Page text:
A first of its kind drug called vosoritide may increase bone growth in children with achondroplasia, the most common form of dwarfism, according to findings from a recent clinical trial published in The Lancet.
“The hope and expectation are that if this therapy is started early, we can achieve a normal or near normal growth rate in children,” said study co-author Joel Charrow, MD, from the Division of Genetics, Birth Defects and Metabolism at Ann & Robert H. Lurie Children’s Hospital of Chicago, who is a Professor of Pediatrics at Northwestern University Feinberg School of Medicine.
Achondroplasia is the most common type of short-limbed human dwarfism and can be diagnosed at birth or prenatally. Children with achondroplasia have an average sized torso, short arms and legs, an enlarged head, and because of this may also experience challenges navigating society due to being of shorter stature.
Physical complications include the narrowing of the foremen magnum, an opening at the base of the skull through which the spinal cord passes, potentially compressing the spinal cord and putting the child at risk for sudden death if left unrecognized and untreated. Shortening of the base of the skull also causes the foreshortening of the nasopharynx, which can lead to upper airway obstruction and obstructive apnea.
On a biochemical level, achondroplasia occurs when there is a mutation in the FGFR3 gene, and this mutation causes the gene receptor to act as if a ligand called the fibroblast growth factor is bound to it. This then inhibits the mineralization of chondrocytes, or cartilage cells, in the growth plate, the growing tissue near the ends of the long bones.
In roughly 80 percent of individuals who have achondroplasia, the condition develops as a result of a random mutation in the FGFR3 gene during formation of the egg or sperm prior to fertilization, and neither parent has the condition. The remaining 20 percent of people with achondroplasia inherit the genetic condition from at least one of their parents who have achondroplasia.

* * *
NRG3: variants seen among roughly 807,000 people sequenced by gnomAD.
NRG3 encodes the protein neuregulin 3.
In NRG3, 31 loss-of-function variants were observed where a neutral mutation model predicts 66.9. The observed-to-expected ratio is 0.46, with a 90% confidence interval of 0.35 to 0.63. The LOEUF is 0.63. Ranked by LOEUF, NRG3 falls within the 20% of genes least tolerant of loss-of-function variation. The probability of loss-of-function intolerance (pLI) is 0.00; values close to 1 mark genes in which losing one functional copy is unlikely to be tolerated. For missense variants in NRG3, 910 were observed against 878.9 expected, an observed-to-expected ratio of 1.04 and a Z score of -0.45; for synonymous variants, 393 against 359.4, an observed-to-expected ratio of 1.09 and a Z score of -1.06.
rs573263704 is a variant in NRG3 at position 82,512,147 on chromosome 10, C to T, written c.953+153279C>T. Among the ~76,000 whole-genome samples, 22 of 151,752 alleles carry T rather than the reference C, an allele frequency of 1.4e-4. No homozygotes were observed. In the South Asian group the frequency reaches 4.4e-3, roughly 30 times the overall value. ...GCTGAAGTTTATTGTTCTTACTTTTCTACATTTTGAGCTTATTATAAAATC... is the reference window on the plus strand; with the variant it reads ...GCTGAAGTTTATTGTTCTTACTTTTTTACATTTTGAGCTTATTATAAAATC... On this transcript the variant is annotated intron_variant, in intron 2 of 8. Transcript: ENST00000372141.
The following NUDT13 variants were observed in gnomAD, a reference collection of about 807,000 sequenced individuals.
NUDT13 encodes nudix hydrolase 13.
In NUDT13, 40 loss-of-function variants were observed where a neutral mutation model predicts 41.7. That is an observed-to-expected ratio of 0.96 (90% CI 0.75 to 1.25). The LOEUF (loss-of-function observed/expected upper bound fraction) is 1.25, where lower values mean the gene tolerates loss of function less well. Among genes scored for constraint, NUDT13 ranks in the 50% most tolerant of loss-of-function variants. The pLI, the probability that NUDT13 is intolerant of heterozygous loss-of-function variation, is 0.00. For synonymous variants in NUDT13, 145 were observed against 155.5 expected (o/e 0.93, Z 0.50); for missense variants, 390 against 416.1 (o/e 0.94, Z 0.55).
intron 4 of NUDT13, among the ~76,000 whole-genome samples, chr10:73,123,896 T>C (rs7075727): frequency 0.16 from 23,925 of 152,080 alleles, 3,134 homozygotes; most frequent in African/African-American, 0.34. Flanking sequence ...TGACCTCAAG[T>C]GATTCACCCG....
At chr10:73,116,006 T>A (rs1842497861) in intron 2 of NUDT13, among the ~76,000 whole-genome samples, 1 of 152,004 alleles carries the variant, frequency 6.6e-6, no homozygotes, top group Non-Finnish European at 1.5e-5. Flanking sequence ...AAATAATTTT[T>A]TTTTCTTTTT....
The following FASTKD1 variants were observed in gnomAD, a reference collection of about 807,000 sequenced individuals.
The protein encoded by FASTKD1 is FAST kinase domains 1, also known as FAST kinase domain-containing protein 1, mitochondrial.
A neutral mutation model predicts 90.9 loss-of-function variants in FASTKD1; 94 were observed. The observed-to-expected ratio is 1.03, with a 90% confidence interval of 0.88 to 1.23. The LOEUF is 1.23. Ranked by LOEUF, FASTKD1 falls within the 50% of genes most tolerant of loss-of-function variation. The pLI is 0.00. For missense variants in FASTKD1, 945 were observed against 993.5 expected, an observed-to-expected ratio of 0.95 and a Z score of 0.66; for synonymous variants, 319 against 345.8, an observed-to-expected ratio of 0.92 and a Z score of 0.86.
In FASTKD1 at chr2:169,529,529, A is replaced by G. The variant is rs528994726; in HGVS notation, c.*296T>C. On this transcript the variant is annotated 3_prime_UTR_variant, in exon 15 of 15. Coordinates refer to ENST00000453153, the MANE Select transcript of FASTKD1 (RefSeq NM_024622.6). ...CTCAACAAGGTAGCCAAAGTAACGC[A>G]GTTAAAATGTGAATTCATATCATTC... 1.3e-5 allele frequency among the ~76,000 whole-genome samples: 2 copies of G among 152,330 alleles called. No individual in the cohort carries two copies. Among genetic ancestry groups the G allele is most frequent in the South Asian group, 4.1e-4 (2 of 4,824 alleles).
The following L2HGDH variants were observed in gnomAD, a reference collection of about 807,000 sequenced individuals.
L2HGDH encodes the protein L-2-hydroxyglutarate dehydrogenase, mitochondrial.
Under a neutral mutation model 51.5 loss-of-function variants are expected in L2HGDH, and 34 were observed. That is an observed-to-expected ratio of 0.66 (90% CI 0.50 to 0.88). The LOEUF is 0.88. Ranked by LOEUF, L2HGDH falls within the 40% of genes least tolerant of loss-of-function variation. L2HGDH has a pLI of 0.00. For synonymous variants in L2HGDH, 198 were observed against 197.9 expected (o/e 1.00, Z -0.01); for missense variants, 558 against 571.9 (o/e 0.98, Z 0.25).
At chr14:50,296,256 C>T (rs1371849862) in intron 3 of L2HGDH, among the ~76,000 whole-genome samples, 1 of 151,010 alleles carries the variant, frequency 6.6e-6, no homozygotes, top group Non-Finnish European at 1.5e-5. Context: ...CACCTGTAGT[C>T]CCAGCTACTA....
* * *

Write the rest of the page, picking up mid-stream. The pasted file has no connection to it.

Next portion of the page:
Surgery is common among individuals with achondroplasia, which can help alleviate physical complications from bone problems and promote better quality of life. Limb lengthening surgery is also an option, but isn’t popular in the United States as it requires multiple surgeries over a long period of time and presents high risk of infection, according to Charrow.
Vosoritide, on the other hand, is the first drug of its kind, acting by increasing bone growth in children with achondroplasia. The drug is essentially an analogue for a naturally occurring substance in the body called C-type natriuretic peptide and prevents the inhibition of the mineralization of chondrocytes caused by the FGFR3 gene mutation. This double-negative inhibition then permits the chondrocytes to proliferate and mineralize normally, ultimately increasing bone growth.
In the current clinical trial, the investigators tested vosoritide in children with achondroplasia at 24 clinical sites around the world. Eligible participants were involved for six months in a baseline growth study and were between the ages of 5 and 18 years. Participants randomly received either one dose of vosoritide or a placebo daily for 52 weeks.
Overall, those who received vosoritide daily saw an increase in growth velocity of 1.57 centimeters (0.6 inches) per year by the end of the trial period. This growth velocity is similar to what is considered normal for this age group, according to Dr. Charrow.
Despite the drug’s success, however, Dr. Charrow said it’s also important to acknowledge that not everyone with achondroplasia supports this type of therapy, as there is a commonly shared feeling in the dwarfism community that dwarfism should not be treated as an illness or a disorder, even considering the physical problems and risks associated with the condition.
“If the drug does mitigate those other physical problems, then there’s no question in my mind that it would be beneficial because it would prevent morbidity and potential mortality,” Dr. Charrow added.
As for next steps, additional clinical trials for the drug are currently underway and involve participants with achondroplasia who are under the age of six months, with the aim of determining the drug’s effectiveness over a longer period of time.
“The hope and expectation are that if this therapy is started early, we can achieve a normal or near-normal growth rate. What we’re hoping, but remains to be seen, is whether some of the other things that go along with achondroplasia, like the narrowing of the foramen magnum and upper airway problems, are also mitigated by this therapy,” Dr. Charrow said.
This work was funded by BioMarin Pharmaceutical.
Research at Ann & Robert H. Lurie Children’s Hospital of Chicago is conducted through the Stanley Manne Children’s Research Institute. The Manne Research Institute is focused on improving child health, transforming pediatric medicine and ensuring healthier futures through the relentless pursuit of knowledge. Lurie Children’s is ranked as one of the nation’s top children’s hospitals by U.S. News & World Report. It is the pediatric training ground for Northwestern University Feinberg School of Medicine. Last year, the hospital served more than 220,000 children from 48 states and 49 countries.